In this exciting installment of Google Penance, we learn that Google served some poor soul my post on the difficulty of finding a good e-text of the Aeneid with Yahoo! when what they wanted to know was, “Did They Have Fan Fiction in the Middle Ages?”
For those of you who don’t troll the darker depths of the internet, “fan fiction” or “fanfic” is a term used to describe stories written in or about another author’s world, primarily stories that involve two characters from said world having sex, especially if said characters were very unlikely to have had sex in the original work.*
So, did they have fan fiction in the Middle Ages? The answer is “yes,” though their tastes tended less towards slashfic (the improbable pairings mentioned above) and more toward self-insertion fanfic, the variety in which the author of the derivative work makes themselves a character in the original fictional world, usually a character who is so much better at everything that the characters in the original did, mostly those characters exist just to say things like, “Wow, Author of this Fanfic, you are so pretty and smart and good at riding dragons and fixing warp cores, I don’t know why nobody will go to prom with you. They are fools, fools I say!”**
John Lydgate is the worst medieval offender that I can think of off the top of my head. For the prologue to his Siege of Thebes, he wrote himself into Chaucer’s Canterbury Tales.
And so while the pilgrims were
At Canterbury, well lodged one and all,
I don’t know what to call it,
Luck or Fortune — in the end
That led me to enter into that town
To visit the holy saint humbly
After my sickness, to fulfill my vows
In a robe of black–not of green!
[i.e. Not dolled up like Chaucer’s monk!]
On a slender young horse, long and lean,
With a rusy bridle not worth a dime
[Again, hey, look, at me, I’m much more devout than some monks.]
My servant before me, his purse empty,
Having just by a stroke of luck booked me at the same inn,
Where the Pilgrims were lodged, every last one!
Chaucer seems to have attracted this sort of activity more than other writers–or possibly, we modern readers are more interested in tracking down this sort of thing when it’s done to a writer we admire as much as Chaucer. Chaucer left a lot of gaps in the Canterbury Tales, and other writers stepped up to fill them, writing tales for the poor Ploughman who never got one in the original, an extra tale for both the Merchant and the Cook, and a whole story about what the Pilgrims did once they got to Canterbury. Robert Henryson, a 15th-century Scottish writer, went so far as to write a sequel to Chaucer’s earlier work, Troilus and Criseyde, in which he punishes Criseyde for all the things Chaucer had her do to poor, noble Troilus.
Serious medievalists may take issue with my characterizing the Chaucerian continuations as fanfic, and yes, I’m being a bit glib here. Nonetheless, the thing that always strikes me about medieval writing is how densely referential and intertextual it all is. Of course, my interest in hyper-referentiality is narcissistic, because being unable to finish a sentence without mentioning Mr. T or Mr. Belvedere or some other piece of pop culture detritus is one of the supposed defining characteristics of Generation-X (generation mine) and the eldest members of whatever you want to call the next generation.*** Yet anyone who’s read the Canterbury Tales knows that the thing needs footnotes aplenty just to begin to get all the inside jokes and pop cultural references. Chaucer may not be obsessed with the A-Team or Strawberry Shortcake, but he’s still unable to get through a paragraph without a sly aside that requires you to have read the Romance of the Rose or Boethius in order to understand.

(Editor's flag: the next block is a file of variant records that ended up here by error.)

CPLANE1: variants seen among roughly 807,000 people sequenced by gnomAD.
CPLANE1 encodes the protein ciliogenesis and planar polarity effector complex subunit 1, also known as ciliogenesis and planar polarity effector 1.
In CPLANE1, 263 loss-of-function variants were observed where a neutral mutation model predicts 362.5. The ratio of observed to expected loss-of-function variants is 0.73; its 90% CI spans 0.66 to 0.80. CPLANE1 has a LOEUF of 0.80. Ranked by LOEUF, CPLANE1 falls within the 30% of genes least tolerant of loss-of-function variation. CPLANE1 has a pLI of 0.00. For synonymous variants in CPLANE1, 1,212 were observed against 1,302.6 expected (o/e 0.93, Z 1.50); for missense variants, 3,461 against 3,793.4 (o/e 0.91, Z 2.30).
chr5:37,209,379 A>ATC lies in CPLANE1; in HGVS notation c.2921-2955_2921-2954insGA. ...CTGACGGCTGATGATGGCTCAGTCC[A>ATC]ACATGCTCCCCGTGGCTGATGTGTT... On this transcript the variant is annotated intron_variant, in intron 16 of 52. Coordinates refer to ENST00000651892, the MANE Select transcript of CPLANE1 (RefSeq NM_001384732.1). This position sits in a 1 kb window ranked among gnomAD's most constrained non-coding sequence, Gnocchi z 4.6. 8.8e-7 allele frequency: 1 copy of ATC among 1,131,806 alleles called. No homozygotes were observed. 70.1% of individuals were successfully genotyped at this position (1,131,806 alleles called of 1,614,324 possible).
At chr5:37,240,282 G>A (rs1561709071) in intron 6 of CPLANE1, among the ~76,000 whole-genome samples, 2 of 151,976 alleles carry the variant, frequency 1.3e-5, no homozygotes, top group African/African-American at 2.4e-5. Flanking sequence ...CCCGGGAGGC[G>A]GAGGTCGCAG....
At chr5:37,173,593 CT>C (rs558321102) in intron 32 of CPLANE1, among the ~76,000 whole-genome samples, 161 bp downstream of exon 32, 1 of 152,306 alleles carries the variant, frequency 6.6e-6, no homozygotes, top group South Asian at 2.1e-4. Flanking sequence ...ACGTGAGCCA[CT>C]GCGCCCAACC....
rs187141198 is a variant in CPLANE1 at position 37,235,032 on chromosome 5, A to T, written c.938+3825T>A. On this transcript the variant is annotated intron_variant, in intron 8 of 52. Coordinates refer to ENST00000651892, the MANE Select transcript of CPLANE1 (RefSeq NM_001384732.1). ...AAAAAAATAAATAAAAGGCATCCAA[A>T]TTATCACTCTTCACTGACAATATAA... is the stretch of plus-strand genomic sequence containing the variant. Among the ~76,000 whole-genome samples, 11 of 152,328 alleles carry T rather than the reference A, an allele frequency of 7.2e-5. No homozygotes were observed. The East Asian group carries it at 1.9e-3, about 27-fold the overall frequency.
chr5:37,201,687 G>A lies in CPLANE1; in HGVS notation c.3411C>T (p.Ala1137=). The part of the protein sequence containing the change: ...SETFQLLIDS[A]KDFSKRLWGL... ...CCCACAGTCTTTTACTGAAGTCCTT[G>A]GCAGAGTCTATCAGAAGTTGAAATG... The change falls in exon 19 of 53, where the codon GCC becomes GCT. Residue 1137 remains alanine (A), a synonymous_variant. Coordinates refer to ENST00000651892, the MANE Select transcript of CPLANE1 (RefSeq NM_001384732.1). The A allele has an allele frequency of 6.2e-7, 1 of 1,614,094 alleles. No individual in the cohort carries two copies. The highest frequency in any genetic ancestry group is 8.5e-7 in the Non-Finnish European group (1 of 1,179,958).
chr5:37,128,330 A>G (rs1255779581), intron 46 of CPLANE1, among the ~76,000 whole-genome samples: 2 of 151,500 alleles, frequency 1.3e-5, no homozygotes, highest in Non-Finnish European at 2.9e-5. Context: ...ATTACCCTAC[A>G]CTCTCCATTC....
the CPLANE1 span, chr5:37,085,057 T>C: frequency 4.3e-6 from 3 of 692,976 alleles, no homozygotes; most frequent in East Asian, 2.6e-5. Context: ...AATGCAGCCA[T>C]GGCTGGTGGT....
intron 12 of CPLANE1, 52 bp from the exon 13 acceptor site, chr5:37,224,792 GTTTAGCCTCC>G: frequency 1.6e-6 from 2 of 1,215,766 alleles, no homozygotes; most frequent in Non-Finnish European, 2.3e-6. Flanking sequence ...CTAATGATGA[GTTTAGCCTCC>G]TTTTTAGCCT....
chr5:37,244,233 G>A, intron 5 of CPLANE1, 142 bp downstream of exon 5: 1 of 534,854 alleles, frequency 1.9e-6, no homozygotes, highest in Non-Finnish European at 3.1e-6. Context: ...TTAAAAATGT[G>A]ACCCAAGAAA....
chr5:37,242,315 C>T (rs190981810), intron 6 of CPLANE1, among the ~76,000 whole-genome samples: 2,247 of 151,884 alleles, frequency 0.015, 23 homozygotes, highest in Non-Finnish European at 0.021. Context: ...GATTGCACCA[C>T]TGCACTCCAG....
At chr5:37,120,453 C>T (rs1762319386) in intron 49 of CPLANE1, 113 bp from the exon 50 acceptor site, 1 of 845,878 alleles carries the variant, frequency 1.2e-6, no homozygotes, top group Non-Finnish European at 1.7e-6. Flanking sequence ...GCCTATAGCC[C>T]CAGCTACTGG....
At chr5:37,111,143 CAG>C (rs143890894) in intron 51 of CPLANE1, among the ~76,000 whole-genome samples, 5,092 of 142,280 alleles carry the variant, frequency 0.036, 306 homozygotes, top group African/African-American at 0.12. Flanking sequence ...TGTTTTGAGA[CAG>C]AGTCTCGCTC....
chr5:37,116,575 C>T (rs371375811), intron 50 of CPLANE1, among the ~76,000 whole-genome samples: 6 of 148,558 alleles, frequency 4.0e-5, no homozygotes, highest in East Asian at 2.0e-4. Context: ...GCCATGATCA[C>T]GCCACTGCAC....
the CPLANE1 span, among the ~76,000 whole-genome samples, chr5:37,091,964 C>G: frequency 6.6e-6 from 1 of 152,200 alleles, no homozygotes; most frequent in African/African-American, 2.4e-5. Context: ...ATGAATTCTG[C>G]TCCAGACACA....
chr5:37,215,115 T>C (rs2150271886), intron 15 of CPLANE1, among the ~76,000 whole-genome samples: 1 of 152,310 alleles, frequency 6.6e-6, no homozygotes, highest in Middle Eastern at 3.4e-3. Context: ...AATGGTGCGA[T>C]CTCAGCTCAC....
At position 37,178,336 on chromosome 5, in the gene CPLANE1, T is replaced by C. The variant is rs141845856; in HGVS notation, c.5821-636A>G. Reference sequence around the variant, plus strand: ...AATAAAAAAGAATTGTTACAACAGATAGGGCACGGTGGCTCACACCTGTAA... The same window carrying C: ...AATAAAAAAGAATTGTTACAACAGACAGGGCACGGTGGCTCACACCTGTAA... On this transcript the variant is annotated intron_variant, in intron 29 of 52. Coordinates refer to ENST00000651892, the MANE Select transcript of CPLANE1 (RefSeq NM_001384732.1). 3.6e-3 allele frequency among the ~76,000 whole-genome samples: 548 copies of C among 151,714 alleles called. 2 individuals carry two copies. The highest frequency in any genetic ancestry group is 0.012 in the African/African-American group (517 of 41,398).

I think medieval courses might have even higher enrollments if we would just get over it and admit that Chaucer shares as much of an affinity with
South Park Robot Chicken and the Simpsons Family Guy as he does with Shakespeare.****
*In the early nineties, these two characters would invariably be Captain Kirk and Mr. Spock. Even elaborate multi-part Pride and Prejudice / Shirt Tales crossovers would interrupt the touching tête-à-tête between Elizabeth Bennet and Bogey Orangutan by having the two discover while strolling through Pemberly Woods two rumpled Star Fleet uniforms laid one atop the other, one blue, one gold. As the nineties gave way to the aughties, trends shifted, and Harry Potter characters came to supplant Spock and Kirk, but the basic pattern remained the same.
**Don’t let my facility with the form fool you into believing that I myself have dabbled in fanfic. I once had an idea for a Benson/Aliens crossover, but somebody stole it and made it into Half-Life 2 and that soured me on the project.
***My longtime favorite definition of Gen-X comes from a 2003 Salon article: “Although there has been some debate since as to what age group actually makes up Gen X, most sociologists now agree that Americans born between 1961 and 1981 qualify, with extra bonus points going to anyone who remembers the names of the human characters on “Land of the Lost” (Sleestaks don’t count) and who can rattle off all of Ted McGinley’s sitcom credits.”
****Final sentence altered to update the reference for Gen-not-Y-but-not-yet-well-named. A pity I had to lose the alliteration.